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Bogus gardener scams are on the rise in the UK, a gardening expert has warned. Scammers pretending to be garden maintenance have been reported to be knocking on people's doors, offering bogus services in order to gain access to homes, or simply to get the residents to part with their cash.
Doorstep scammers often choose vulnerable and older people who may be less used to booking reputable gardening services online. They may offer to mow the lawn, trim back a hedge, or prune a tree, for a fee that will seem very reasonable.
According to Action Fraud, around £18.7 million was lost to doorstep scammers in 2020, and the number is rising. Chris said that 'it’s important to just stay a bit more alert throughout the wintertime, especially if you get cold callers knocking on the door.'
Chris emphasises that elderly people 'who may find it too cold to go outside and carry out any garden jobs' are especially at risk. Typically, scammers will offer 'fake gardening services like mowing the lawn' in order to gain access to a property and steal valuables, but some will simply run off with the cash paid for the service that will never be delivered.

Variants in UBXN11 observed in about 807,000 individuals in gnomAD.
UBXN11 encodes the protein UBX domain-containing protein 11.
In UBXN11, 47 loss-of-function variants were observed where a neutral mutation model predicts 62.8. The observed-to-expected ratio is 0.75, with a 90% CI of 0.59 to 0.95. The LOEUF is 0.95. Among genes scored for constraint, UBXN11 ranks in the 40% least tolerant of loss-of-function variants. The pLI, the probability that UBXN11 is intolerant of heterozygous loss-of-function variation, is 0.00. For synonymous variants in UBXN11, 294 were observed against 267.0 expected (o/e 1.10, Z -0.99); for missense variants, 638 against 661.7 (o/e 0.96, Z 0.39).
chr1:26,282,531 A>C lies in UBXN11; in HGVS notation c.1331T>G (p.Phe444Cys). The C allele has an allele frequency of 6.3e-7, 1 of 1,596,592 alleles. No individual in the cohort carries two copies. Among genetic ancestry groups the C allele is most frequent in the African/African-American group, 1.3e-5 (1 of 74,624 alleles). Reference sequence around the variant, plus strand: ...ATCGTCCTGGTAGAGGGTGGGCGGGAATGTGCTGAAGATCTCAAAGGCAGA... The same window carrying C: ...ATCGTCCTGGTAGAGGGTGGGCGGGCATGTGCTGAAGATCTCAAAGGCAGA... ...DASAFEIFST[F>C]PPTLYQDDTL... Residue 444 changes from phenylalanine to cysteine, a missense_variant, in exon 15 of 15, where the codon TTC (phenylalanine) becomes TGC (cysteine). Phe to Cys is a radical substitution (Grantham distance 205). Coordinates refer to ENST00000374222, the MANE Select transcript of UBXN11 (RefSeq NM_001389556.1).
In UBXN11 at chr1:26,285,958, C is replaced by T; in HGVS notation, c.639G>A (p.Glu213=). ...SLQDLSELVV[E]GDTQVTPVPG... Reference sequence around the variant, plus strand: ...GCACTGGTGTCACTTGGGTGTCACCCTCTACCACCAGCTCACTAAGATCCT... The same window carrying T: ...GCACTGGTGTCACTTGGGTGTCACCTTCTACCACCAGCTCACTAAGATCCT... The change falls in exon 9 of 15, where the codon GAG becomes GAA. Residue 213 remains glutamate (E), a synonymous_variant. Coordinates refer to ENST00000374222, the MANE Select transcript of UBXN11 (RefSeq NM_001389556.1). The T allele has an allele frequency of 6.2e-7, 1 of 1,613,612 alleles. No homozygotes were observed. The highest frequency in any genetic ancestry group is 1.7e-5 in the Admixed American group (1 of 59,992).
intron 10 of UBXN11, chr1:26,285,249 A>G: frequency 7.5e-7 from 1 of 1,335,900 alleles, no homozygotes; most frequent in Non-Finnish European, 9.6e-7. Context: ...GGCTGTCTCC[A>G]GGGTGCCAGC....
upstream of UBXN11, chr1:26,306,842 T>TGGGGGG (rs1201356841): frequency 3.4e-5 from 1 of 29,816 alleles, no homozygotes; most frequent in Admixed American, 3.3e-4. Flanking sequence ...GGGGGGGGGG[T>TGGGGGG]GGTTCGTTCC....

People should also be wary of anyone cold calling about checking out or 'fixing' their heating or electricity, or requesting access to energy meters.
Is all door-to-door service selling bogus? No, but Chris says that 'generally councils advise against answering the door to people selling door-to-door services just to be on the safe side.'
The best course of action is always to call out a professional gardening service that has a real address and phone number. Professional garden maintenance people should also come in a branded vehicle and have their own equipment without needing to ask for yours.
Chris' top tip for those who don't want to hire a service is that 'you could ask a trustworthy neighbour or family member to give you a hand, I'm sure they'll be happy to help rather than run the risk of putting you in an unsafe situation.'
Anna is a keen urban gardener, with David Austin roses and Japanese acers among her favourite plants. She moved into the world of interiors from academic research in the field of literature and urban space a couple of years ago. She's always been interested in how people make houses into homes, and how our concepts of what's stylish change over time.
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